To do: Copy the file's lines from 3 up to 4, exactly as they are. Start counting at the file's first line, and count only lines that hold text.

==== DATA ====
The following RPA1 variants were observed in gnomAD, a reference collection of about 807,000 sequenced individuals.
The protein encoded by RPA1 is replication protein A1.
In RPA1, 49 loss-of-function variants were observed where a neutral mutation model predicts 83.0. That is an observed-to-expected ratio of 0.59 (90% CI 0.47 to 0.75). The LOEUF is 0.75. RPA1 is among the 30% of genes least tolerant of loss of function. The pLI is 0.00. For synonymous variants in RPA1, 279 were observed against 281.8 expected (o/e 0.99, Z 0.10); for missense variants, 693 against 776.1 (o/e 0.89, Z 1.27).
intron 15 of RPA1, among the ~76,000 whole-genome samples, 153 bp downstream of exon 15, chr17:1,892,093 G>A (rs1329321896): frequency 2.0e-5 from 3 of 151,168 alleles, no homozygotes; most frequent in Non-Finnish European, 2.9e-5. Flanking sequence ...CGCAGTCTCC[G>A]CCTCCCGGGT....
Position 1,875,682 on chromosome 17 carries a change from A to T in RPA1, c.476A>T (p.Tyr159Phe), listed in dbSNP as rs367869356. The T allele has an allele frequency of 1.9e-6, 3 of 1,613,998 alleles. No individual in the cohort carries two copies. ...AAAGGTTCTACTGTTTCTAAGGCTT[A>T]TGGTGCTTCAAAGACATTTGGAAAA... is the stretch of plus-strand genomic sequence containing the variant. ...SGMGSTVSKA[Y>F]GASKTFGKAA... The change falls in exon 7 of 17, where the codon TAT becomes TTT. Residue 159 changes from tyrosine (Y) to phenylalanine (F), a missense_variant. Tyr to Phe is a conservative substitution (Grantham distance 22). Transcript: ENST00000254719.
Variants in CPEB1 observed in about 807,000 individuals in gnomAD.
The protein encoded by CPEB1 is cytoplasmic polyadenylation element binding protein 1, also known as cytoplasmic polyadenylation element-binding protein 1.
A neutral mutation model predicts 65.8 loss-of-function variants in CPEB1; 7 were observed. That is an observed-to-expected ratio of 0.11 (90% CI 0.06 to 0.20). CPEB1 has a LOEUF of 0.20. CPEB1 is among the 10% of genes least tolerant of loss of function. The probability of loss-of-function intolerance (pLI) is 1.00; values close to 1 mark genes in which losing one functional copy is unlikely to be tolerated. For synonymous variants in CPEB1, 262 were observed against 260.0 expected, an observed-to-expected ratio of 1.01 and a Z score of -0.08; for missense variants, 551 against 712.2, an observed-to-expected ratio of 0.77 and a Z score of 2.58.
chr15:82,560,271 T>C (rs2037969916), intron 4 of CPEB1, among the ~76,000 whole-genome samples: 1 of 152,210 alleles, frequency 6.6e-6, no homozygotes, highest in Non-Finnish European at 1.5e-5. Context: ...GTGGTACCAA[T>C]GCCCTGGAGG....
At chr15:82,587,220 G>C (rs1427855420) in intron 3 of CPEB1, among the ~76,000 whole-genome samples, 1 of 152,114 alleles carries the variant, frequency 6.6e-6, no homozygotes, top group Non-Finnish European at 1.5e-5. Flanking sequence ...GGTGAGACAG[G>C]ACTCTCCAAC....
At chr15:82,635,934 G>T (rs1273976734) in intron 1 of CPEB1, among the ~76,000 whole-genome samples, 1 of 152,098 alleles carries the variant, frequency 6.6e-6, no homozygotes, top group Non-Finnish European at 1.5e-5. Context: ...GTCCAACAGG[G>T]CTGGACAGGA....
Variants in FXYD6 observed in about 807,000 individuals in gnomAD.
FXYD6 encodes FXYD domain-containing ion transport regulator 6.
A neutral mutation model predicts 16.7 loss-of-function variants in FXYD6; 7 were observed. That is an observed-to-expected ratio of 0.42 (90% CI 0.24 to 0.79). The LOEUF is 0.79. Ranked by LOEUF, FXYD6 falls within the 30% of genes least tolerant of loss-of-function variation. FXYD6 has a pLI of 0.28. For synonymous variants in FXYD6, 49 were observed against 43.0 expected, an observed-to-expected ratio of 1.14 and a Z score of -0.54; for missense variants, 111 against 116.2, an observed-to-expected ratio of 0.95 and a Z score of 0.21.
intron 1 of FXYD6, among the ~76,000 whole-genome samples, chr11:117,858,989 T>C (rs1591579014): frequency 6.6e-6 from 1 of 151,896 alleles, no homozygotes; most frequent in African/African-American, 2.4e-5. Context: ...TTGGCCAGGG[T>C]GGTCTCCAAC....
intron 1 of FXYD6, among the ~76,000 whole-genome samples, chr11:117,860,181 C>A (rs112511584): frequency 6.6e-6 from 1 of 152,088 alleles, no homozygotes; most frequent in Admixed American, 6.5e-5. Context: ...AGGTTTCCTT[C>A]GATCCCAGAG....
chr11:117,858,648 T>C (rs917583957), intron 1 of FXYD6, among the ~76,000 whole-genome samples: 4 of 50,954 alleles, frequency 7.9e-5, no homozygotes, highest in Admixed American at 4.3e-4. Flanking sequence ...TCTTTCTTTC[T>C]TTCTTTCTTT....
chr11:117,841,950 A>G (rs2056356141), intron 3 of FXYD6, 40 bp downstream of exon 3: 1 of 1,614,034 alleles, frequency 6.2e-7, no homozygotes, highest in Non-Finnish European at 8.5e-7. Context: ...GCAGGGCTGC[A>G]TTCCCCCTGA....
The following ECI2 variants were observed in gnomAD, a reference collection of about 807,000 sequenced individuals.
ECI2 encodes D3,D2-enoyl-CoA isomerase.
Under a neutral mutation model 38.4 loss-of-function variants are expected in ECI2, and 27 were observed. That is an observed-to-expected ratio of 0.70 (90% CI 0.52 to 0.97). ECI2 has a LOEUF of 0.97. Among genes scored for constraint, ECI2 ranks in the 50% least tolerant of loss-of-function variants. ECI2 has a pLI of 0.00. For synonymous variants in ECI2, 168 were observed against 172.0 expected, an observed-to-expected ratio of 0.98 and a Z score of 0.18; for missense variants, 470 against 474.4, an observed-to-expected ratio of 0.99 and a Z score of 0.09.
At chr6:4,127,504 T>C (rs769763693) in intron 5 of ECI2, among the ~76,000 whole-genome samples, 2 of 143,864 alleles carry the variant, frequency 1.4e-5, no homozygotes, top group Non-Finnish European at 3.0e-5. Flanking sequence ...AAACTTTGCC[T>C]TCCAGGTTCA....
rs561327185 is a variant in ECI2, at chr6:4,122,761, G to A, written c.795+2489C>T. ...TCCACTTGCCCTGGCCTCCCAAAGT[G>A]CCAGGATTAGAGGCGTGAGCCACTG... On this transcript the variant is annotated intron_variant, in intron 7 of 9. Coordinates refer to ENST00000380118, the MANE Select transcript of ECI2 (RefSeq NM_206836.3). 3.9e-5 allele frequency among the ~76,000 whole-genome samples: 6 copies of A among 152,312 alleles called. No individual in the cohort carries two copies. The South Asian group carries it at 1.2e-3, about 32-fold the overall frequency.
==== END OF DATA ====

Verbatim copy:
In RPA1, 49 loss-of-function variants were observed where a neutral mutation model predicts 83.0. That is an observed-to-expected ratio of 0.59 (90% CI 0.47 to 0.75). The LOEUF is 0.75. RPA1 is among the 30% of genes least tolerant of loss of function. The pLI is 0.00. For synonymous variants in RPA1, 279 were observed against 281.8 expected (o/e 0.99, Z 0.10); for missense variants, 693 against 776.1 (o/e 0.89, Z 1.27).
intron 15 of RPA1, among the ~76,000 whole-genome samples, 153 bp downstream of exon 15, chr17:1,892,093 G>A (rs1329321896): frequency 2.0e-5 from 3 of 151,168 alleles, no homozygotes; most frequent in Non-Finnish European, 2.9e-5. Flanking sequence ...CGCAGTCTCC[G>A]CCTCCCGGGT....